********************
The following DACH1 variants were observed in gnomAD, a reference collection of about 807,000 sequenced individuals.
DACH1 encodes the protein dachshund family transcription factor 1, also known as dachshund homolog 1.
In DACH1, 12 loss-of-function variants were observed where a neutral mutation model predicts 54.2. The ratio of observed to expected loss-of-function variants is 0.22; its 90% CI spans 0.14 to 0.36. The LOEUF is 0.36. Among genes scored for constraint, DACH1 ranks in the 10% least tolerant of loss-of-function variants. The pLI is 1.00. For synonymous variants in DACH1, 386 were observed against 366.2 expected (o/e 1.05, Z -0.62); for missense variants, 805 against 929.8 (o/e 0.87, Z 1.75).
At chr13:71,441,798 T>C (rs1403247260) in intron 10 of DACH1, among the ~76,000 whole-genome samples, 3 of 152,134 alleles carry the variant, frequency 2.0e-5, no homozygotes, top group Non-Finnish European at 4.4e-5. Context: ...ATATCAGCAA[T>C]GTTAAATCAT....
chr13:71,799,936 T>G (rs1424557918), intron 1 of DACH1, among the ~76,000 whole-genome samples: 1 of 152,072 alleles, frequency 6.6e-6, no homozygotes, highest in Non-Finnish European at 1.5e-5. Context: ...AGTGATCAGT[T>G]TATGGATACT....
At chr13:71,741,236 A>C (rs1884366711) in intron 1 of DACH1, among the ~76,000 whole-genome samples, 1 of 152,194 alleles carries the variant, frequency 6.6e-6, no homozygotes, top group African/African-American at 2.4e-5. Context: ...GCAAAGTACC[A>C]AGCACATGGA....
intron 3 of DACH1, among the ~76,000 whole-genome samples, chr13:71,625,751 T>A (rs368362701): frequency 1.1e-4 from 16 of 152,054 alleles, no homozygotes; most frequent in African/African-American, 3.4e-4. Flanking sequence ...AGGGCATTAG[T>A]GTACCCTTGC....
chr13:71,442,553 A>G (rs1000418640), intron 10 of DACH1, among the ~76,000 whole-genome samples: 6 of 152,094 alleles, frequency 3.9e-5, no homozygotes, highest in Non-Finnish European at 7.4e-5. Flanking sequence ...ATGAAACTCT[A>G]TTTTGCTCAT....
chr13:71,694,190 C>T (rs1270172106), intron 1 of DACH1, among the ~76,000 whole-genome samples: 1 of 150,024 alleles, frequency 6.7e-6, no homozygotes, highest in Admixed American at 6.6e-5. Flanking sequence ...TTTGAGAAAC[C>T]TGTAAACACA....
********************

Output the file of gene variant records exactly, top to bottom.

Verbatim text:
The following DACH1 variants were observed in gnomAD, a reference collection of about 807,000 sequenced individuals.
DACH1 encodes the protein dachshund family transcription factor 1, also known as dachshund homolog 1.
In DACH1, 12 loss-of-function variants were observed where a neutral mutation model predicts 54.2. The ratio of observed to expected loss-of-function variants is 0.22; its 90% CI spans 0.14 to 0.36. The LOEUF is 0.36. Among genes scored for constraint, DACH1 ranks in the 10% least tolerant of loss-of-function variants. The pLI is 1.00. For synonymous variants in DACH1, 386 were observed against 366.2 expected (o/e 1.05, Z -0.62); for missense variants, 805 against 929.8 (o/e 0.87, Z 1.75).
At chr13:71,441,798 T>C (rs1403247260) in intron 10 of DACH1, among the ~76,000 whole-genome samples, 3 of 152,134 alleles carry the variant, frequency 2.0e-5, no homozygotes, top group Non-Finnish European at 4.4e-5. Context: ...ATATCAGCAA[T>C]GTTAAATCAT....
chr13:71,799,936 T>G (rs1424557918), intron 1 of DACH1, among the ~76,000 whole-genome samples: 1 of 152,072 alleles, frequency 6.6e-6, no homozygotes, highest in Non-Finnish European at 1.5e-5. Context: ...AGTGATCAGT[T>G]TATGGATACT....
At chr13:71,741,236 A>C (rs1884366711) in intron 1 of DACH1, among the ~76,000 whole-genome samples, 1 of 152,194 alleles carries the variant, frequency 6.6e-6, no homozygotes, top group African/African-American at 2.4e-5. Context: ...GCAAAGTACC[A>C]AGCACATGGA....
intron 3 of DACH1, among the ~76,000 whole-genome samples, chr13:71,625,751 T>A (rs368362701): frequency 1.1e-4 from 16 of 152,054 alleles, no homozygotes; most frequent in African/African-American, 3.4e-4. Flanking sequence ...AGGGCATTAG[T>A]GTACCCTTGC....
chr13:71,442,553 A>G (rs1000418640), intron 10 of DACH1, among the ~76,000 whole-genome samples: 6 of 152,094 alleles, frequency 3.9e-5, no homozygotes, highest in Non-Finnish European at 7.4e-5. Flanking sequence ...ATGAAACTCT[A>G]TTTTGCTCAT....
chr13:71,694,190 C>T (rs1270172106), intron 1 of DACH1, among the ~76,000 whole-genome samples: 1 of 150,024 alleles, frequency 6.7e-6, no homozygotes, highest in Admixed American at 6.6e-5. Flanking sequence ...TTTGAGAAAC[C>T]TGTAAACACA....